Midland Fire grapples with staffing issues and presents City Council with a possible solution | Local News

The department currently has 56 people on the roster – 44 are active part-time or full-time and 12 are volunteers. Volunteer firefighters account for less than 25% of call responses, Ward said. The rest are mostly made up of part-time employees.

In fiscal year 2020-21, the department had 4,319 shifts in total, and 14% of those shifts were unstaffed. The department had at least one driver, one firefighter and one officer at each station per shift. To address staffing shortages, he reduced the minimum complement to one firefighter and driver at each station per shift.

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Ward said that since the department’s staff is made up mostly of part-timers, it depends on their availability. Many part-time employees work shifts in county departments. Having full-time employees will ensure that there is someone for every shift.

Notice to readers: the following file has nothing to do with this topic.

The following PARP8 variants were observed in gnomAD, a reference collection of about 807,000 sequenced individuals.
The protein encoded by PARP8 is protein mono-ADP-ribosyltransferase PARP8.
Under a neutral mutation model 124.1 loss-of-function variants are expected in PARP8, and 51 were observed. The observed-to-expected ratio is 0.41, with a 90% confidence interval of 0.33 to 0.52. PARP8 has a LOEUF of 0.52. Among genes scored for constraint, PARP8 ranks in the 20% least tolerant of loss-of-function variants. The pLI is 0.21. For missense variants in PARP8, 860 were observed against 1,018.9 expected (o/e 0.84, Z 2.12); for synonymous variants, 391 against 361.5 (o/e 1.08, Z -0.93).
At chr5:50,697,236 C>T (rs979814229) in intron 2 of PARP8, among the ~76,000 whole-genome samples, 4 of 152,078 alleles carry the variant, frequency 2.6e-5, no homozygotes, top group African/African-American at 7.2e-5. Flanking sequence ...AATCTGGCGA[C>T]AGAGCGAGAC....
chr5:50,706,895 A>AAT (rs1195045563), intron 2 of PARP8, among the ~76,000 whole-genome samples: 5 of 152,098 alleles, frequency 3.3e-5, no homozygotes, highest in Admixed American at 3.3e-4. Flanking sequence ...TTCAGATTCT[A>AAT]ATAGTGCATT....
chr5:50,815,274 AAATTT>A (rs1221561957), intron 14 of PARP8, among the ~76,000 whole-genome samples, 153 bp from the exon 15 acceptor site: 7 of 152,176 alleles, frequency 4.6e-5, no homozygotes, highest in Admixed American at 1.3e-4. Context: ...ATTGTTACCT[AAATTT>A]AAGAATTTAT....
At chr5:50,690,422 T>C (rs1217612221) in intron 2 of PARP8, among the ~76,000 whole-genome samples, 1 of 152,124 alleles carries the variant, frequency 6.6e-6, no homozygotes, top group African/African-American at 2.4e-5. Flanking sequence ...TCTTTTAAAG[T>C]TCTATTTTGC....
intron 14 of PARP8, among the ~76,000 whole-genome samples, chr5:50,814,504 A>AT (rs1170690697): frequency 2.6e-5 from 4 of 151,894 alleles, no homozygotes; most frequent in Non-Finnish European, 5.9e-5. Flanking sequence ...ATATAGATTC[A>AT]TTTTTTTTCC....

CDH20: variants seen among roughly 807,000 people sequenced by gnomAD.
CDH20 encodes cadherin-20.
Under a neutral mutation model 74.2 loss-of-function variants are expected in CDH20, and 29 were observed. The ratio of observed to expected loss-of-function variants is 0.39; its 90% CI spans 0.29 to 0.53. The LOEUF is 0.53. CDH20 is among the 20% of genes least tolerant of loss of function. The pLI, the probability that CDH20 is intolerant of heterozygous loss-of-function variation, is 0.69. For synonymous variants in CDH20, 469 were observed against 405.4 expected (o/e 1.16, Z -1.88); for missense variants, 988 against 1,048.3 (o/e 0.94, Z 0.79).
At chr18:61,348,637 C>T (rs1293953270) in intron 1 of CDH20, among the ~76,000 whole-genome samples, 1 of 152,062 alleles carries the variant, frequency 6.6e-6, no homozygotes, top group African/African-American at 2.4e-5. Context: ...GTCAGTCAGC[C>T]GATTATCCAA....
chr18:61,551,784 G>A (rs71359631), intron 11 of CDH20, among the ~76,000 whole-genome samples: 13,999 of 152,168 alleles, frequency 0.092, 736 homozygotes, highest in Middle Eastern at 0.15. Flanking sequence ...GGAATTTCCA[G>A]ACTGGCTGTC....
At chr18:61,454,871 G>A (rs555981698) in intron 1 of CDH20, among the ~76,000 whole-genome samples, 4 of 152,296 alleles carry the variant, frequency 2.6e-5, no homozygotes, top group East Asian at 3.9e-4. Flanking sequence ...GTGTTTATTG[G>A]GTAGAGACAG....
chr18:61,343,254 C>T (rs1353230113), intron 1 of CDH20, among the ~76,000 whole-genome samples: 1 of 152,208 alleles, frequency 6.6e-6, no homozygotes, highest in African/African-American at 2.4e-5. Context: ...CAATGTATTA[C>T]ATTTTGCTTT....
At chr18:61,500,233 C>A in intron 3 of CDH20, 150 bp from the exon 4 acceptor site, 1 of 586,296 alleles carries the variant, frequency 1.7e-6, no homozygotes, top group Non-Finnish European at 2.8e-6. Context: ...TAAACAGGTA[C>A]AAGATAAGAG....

A few other nearby fire departments, such as Cornelius-Lemley Fire & Rescue, have similar agreements with their municipal governments to allow retirement benefits for full-time employees.

“What we do know is that if we are able to provide benefits including state pension, we can increase the number of applicants by 10 times because it gives them job security and they also have a stable schedule,” Ward said. “The employee would be a city employee and would receive the same full-time benefits as a full-time city employee and would be paid by the city.”

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